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Keywords:

  • colorectal carcinoma;
  • care prevalence;
  • initial diagnosis;
  • monitoring;
  • recurrent/metastatic disease;
  • terminal care

Abstract

BACKGROUND

Prevalence usually is defined as the proportion of individuals alive who previously had a diagnosis of the disease, regardless of whether the individuals still are receiving treatment or are cured. The objective of this study was to estimate the proportion of elderly patients with colorectal carcinoma (CRC) in the U.S. that actually were receiving care for their disease as a better quantification of the burden of CRC.

METHODS

The authors used data from the National Cancer Institute's Surveillance, Epidemiology, and End Results (SEER) Program linked to Medicare claims. Four phases of CRC care were defined: initial diagnosis and treatment, postdiagnostic monitoring, treatment for recurrent/metastatic disease, and terminal care. CRC care prevalence measures by phase were extrapolated to the U.S. population age 65 years and older.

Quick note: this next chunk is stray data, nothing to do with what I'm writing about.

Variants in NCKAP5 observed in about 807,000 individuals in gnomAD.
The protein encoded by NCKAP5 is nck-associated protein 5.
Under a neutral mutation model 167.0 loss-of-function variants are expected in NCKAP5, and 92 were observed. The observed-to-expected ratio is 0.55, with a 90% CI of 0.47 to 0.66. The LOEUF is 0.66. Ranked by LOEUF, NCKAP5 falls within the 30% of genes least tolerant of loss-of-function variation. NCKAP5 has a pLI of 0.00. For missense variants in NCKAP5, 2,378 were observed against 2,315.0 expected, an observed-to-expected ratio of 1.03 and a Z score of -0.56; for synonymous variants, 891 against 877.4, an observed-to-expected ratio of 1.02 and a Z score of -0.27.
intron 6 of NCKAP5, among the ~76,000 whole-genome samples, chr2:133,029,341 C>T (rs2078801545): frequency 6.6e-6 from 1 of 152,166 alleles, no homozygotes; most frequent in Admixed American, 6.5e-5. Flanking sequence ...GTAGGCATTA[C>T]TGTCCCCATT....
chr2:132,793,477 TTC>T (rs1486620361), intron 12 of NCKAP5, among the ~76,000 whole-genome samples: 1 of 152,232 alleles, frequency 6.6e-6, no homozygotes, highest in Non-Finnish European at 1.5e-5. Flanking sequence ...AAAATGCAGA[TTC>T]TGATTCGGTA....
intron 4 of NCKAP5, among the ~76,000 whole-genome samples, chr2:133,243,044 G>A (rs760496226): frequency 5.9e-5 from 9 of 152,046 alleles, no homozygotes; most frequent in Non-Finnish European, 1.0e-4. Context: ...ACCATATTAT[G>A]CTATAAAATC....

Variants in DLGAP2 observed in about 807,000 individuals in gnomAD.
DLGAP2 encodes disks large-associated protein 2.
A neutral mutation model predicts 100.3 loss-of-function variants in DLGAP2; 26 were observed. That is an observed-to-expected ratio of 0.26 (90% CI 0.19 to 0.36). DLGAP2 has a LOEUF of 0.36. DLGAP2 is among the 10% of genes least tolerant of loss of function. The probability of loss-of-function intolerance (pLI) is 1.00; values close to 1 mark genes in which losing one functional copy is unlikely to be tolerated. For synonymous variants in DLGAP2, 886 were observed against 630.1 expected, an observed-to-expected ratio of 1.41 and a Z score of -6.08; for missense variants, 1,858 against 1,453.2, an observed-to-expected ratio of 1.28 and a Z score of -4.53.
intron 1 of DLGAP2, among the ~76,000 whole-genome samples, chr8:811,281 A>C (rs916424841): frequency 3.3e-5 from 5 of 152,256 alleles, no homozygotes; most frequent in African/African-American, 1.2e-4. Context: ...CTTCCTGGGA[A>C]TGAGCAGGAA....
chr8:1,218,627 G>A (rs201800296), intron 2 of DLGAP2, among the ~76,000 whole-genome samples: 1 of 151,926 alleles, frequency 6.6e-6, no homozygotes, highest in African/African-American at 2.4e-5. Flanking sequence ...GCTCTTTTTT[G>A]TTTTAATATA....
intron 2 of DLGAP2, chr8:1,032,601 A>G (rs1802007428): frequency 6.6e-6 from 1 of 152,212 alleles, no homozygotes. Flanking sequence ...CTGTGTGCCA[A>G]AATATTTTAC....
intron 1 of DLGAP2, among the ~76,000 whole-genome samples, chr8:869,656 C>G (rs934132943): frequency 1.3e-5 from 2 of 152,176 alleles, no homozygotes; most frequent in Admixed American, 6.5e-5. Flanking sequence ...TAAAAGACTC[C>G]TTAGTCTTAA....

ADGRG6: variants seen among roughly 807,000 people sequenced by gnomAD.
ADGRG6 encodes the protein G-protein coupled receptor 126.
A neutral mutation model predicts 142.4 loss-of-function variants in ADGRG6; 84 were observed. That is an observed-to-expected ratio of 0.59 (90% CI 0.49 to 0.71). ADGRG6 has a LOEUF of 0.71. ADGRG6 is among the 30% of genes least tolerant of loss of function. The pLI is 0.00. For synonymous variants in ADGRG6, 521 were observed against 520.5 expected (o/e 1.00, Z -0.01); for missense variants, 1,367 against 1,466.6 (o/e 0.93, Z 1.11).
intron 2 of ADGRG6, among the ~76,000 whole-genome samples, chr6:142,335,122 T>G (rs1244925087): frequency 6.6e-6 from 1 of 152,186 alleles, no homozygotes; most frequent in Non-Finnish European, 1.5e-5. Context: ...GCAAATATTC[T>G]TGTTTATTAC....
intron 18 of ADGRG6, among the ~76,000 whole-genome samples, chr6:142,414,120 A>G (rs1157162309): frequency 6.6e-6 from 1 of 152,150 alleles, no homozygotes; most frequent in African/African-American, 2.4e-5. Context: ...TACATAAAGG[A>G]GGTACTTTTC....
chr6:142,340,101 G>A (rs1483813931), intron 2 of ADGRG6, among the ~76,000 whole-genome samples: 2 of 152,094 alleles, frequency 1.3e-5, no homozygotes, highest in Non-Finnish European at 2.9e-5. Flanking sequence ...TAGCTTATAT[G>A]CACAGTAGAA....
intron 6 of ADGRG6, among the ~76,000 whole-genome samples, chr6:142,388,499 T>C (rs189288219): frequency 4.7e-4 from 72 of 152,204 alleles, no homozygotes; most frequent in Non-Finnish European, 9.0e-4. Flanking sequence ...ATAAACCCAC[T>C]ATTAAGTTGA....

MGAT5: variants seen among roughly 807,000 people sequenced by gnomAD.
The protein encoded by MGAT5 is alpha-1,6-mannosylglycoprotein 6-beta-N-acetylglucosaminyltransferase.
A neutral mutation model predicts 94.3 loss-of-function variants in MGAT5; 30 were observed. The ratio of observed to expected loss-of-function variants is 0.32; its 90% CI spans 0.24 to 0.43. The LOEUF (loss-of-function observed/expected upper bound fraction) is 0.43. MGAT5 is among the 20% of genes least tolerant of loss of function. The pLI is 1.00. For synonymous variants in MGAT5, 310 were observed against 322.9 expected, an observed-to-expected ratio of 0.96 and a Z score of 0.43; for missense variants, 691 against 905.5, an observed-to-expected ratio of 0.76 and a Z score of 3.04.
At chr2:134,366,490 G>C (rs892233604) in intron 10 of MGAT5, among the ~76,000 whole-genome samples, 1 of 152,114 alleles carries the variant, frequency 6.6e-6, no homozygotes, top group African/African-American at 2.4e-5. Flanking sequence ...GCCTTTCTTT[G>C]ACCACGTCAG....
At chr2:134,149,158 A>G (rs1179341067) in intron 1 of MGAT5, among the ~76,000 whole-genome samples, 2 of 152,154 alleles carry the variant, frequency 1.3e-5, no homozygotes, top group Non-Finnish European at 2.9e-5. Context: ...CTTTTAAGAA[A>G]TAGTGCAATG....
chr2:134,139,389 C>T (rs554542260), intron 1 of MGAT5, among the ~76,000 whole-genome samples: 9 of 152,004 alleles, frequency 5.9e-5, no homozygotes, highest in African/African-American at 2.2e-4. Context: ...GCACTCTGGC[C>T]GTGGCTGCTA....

RESULTS

For all patients with CRC who were diagnosed between 1975 and 1996, 62% received at least 1 service related to their CRC in 1996, and patients received an average of 2.1 months per person of CRC care. Among the U.S. population age 65 years and older, 1.81% had 1 diagnosis of CRC, and (1.81% × 0.62%) = 1.12% received at least 1 service related to their CRC. This translated to 380,783 individuals who received care and 1,210,121 person months of care during 1996.

CONCLUSIONS

To the authors' knowledge, this is the first report in which care prevalence has been estimated directly. The classification of CRC care by phases of care provides a very detailed picture of the amount of care delivered in the U.S. population. Person-month estimates can be used to estimate the cost of CRC. Cancer 2003;98:1253–61. Published 2003 by the American Cancer Society.

DOI 10.1002/cncr.11631